Note: Discussions about profanity require using profanity, at least in quotation. Just so you know.
Space operas might have gone out of style in the SF community, but they’re all the rage among gamers, and few have garnered as much critical and popular acclaim as Mass Effect 2. With over four million copies sold, this second installment in the venerable shooter/RPG series avoided the sophomore slump by getting grim from the outset. The game opens with the player character, Commander Shepard, perishing from deep-space decompression as the Normandy, the ship he or she was captaining, gets blasted to bits by an insectoid species called the Collectors. (FYI, you can select Shepard’s sex at the onset.) Good night, sweet prince or princess? Not quite. Shepard wakes up two years later on an operating table. A shadowy organization named Cerberus has brought Shepard back from the dead using cutting-edge technology. But Shepard’s new life comes with strings attached, namely finding out why the Collectors are abducting entire human colonies and then destroying the marauders. It’s a suicide mission, no doubt about it, and to succeed Shepard will need to recruit some of the deadliest talent the galaxy has to offer. A scientist responsible for the nigh extermination of an entire species. A grudge-bound, amoral biotic (think of the psychic hijinks in Stephen King’s Firestarter or Paul McGuigan’s Push). A lethal hitman who’s devoutly religious. Still, Shepard doesn’t need such death dealers to figure out who’s being the Collectors. It’s the Reapers, a race of sentiment machines who appear every fifty-thousand years to obliterate all organic life.
While a dour tone dominates, Mass Effect 2 wisely includes some comic relief in the form of Jeff “Joker” Moreau, a hotshot pilot who suffers from Lobstein syndrome and is as quick to crack a joke as he is a bone. His banter with the rechristened Normandy’s cold-as-Arctic-ice artificial intelligence EDI never failed to bring a smile to my face. I wish the same could be said for the single mission in which you, the player, get to control Joker. Some background: Commander Shepard and the Normandy’s fighting forces have absconded on a shuttle when a group of Collectors surprise the ship and start taking out its skeleton crew. Their only hope is for limping, brittle Joker to remove EDI’s protocol restraints and give it control of the Normandy.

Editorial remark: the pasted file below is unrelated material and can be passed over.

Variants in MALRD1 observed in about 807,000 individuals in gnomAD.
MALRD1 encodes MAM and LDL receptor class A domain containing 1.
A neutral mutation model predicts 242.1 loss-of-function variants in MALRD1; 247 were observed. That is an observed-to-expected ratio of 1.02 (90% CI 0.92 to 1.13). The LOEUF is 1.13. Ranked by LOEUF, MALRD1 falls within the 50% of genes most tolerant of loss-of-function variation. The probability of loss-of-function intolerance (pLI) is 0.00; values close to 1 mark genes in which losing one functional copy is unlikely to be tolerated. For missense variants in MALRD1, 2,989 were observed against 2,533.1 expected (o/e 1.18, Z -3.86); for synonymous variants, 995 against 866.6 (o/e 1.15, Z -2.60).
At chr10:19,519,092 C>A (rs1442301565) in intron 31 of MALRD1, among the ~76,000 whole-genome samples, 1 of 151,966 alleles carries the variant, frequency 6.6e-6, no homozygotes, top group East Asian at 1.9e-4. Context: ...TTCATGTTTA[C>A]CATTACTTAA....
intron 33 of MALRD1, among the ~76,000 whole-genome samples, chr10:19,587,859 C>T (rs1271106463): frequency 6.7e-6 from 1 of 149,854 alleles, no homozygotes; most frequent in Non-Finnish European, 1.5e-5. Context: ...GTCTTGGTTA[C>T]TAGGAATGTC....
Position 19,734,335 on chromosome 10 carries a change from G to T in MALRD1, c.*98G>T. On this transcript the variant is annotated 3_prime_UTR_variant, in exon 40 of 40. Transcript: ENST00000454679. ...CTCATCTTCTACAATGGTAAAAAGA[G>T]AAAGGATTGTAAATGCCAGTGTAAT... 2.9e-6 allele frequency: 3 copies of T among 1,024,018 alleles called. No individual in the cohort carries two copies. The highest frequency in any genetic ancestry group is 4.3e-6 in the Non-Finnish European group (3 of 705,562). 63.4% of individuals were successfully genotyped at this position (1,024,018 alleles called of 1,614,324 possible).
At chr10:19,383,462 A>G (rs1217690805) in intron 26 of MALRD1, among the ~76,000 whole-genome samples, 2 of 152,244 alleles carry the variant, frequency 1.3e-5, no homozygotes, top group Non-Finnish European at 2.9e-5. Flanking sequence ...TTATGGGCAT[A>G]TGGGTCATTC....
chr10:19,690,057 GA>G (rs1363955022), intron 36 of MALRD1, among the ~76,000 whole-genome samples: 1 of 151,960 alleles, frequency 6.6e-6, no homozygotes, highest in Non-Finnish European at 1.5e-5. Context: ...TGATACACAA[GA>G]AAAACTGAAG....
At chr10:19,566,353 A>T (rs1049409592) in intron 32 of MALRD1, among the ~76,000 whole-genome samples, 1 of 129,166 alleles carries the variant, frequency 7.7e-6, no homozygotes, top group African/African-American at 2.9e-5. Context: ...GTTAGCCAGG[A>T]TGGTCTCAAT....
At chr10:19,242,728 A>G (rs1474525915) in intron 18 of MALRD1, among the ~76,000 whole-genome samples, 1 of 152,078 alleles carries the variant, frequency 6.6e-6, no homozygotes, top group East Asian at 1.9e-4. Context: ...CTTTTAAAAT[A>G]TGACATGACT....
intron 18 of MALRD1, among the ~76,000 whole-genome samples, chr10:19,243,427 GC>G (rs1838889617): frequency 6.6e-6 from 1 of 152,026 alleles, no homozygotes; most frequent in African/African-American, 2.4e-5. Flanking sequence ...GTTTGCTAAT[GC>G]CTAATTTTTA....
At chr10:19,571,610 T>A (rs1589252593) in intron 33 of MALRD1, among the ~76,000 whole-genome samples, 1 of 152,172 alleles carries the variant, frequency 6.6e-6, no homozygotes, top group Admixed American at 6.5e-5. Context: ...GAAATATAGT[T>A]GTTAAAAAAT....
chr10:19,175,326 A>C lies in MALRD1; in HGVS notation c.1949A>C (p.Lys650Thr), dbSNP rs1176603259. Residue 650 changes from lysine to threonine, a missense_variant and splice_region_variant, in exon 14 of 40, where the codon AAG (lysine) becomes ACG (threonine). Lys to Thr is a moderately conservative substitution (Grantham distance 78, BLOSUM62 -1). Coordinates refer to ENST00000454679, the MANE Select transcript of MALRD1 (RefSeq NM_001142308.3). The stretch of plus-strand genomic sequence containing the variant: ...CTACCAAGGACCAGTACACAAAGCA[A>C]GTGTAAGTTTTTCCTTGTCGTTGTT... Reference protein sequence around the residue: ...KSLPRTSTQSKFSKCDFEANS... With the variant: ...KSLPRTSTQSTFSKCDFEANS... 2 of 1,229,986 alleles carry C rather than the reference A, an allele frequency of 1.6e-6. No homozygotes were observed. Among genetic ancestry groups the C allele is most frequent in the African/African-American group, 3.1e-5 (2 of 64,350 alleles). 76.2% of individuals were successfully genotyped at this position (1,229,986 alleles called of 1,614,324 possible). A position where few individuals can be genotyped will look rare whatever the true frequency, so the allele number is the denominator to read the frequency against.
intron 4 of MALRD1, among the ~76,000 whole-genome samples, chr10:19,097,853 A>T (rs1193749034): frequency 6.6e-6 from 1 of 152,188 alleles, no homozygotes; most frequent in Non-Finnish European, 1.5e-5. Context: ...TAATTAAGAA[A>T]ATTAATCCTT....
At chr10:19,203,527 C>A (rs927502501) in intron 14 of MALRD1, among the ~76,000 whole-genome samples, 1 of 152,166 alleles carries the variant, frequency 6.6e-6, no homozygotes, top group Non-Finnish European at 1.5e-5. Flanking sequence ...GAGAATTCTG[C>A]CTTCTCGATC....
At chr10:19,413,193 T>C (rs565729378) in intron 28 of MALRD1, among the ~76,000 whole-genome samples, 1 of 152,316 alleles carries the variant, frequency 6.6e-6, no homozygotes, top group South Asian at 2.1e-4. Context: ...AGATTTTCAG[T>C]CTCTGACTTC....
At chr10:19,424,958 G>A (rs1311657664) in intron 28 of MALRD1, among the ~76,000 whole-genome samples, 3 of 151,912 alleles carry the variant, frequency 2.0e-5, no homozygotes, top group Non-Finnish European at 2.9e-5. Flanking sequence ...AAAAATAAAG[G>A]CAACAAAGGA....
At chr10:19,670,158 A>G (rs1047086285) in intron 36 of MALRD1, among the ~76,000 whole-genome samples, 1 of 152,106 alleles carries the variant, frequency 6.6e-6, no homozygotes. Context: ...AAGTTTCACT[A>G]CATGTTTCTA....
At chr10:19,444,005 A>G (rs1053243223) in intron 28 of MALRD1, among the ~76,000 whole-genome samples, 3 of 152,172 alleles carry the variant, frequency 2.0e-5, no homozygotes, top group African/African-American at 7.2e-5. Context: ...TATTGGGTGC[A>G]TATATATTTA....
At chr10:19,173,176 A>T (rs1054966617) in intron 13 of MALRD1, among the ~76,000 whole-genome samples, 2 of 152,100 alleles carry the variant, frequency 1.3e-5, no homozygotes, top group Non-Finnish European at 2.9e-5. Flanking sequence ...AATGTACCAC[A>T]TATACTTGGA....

“Shit, shit, shit,” Joker exclaims, lurching down the Normandy’s bridge as a chitinous, multi-limbed monstrosity with an anvil-shaped head lit by lambent eyes rends his friends apart. A second such horror scuttles up a nearby laboratory window as Joker ducks into a maintenance tunnel, muttering, “Shit, shit, shit, shit.” A brawny security guard gets hurled into a bulkhead moments after proclaiming, “Stay close. I’ll protect you.” Meanwhile, a comely yeoman is dragged shrieking into an elevator by a malformed humanoid horror. “Shit, shit, shit,” Joker states. Then EDI dispassionately informs him that the main reactor is offline. “What the shit?” Joker opines. After Joker gets to engineering and discovers that the rest of the crew is either dead or abducted, he huffs, “Shit.”
Quick quiz: Is this section supposed to be humorous or dire? I played it several times and still can’t tell. It isn’t devoid of chuckles. When EDI tells Joker he has to reactivate the primary drive, Joker says, “You want me to go crawling through the ducts again.” EDI sweetly responds, “I enjoy the sight of humans on their knees. That is a joke.” Neither does it lack terror. Watching the Collectors dispatch characters you’ve come to know by name is chilling. Sadly, Joker’s dialogue doesn’t cater to either tone, a consequence (I’d argue) of it being composed almost entirely of a single, oft-repeated profanity. Yes, yes, I know it’s possible to wring pathos and drama out of a lone obscenity by repeating it with different inflections (content warning). But you can count such examples on one hand, and you know why? Profanities and obscenities are intensifiers, ways of adding emotional and rhetorical impact. Repeat an intensifier enough, though, and it stops, er, intensifying. It becomes dialect or patois—commonplace, in other words. And while we can argue the various merits and demerits of that, it does nothing to make our art more impactful.
(Picture: CC 2012 by Midhras)